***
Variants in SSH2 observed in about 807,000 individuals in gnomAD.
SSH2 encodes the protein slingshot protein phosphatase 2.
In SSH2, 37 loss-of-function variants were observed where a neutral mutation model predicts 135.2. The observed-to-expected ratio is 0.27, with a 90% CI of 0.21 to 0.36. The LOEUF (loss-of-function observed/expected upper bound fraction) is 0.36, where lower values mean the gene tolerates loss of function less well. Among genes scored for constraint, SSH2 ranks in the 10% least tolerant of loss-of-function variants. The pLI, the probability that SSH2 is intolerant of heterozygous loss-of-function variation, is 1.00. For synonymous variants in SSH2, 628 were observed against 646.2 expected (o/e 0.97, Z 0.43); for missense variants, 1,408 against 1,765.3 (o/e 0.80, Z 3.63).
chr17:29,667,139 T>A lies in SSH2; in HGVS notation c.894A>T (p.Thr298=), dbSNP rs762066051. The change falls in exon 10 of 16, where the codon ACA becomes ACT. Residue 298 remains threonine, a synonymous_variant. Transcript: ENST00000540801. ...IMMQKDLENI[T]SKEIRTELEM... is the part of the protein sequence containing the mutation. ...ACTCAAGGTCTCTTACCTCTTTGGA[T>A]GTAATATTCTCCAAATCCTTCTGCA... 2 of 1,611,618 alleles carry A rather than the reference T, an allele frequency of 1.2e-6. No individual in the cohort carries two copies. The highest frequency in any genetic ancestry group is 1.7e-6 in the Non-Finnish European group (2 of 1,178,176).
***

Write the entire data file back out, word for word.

Variants in SSH2 observed in about 807,000 individuals in gnomAD.
SSH2 encodes the protein slingshot protein phosphatase 2.
In SSH2, 37 loss-of-function variants were observed where a neutral mutation model predicts 135.2. The observed-to-expected ratio is 0.27, with a 90% CI of 0.21 to 0.36. The LOEUF (loss-of-function observed/expected upper bound fraction) is 0.36, where lower values mean the gene tolerates loss of function less well. Among genes scored for constraint, SSH2 ranks in the 10% least tolerant of loss-of-function variants. The pLI, the probability that SSH2 is intolerant of heterozygous loss-of-function variation, is 1.00. For synonymous variants in SSH2, 628 were observed against 646.2 expected (o/e 0.97, Z 0.43); for missense variants, 1,408 against 1,765.3 (o/e 0.80, Z 3.63).
chr17:29,667,139 T>A lies in SSH2; in HGVS notation c.894A>T (p.Thr298=), dbSNP rs762066051. The change falls in exon 10 of 16, where the codon ACA becomes ACT. Residue 298 remains threonine, a synonymous_variant. Transcript: ENST00000540801. ...IMMQKDLENI[T]SKEIRTELEM... is the part of the protein sequence containing the mutation. ...ACTCAAGGTCTCTTACCTCTTTGGA[T>A]GTAATATTCTCCAAATCCTTCTGCA... 2 of 1,611,618 alleles carry A rather than the reference T, an allele frequency of 1.2e-6. No individual in the cohort carries two copies. The highest frequency in any genetic ancestry group is 1.7e-6 in the Non-Finnish European group (2 of 1,178,176).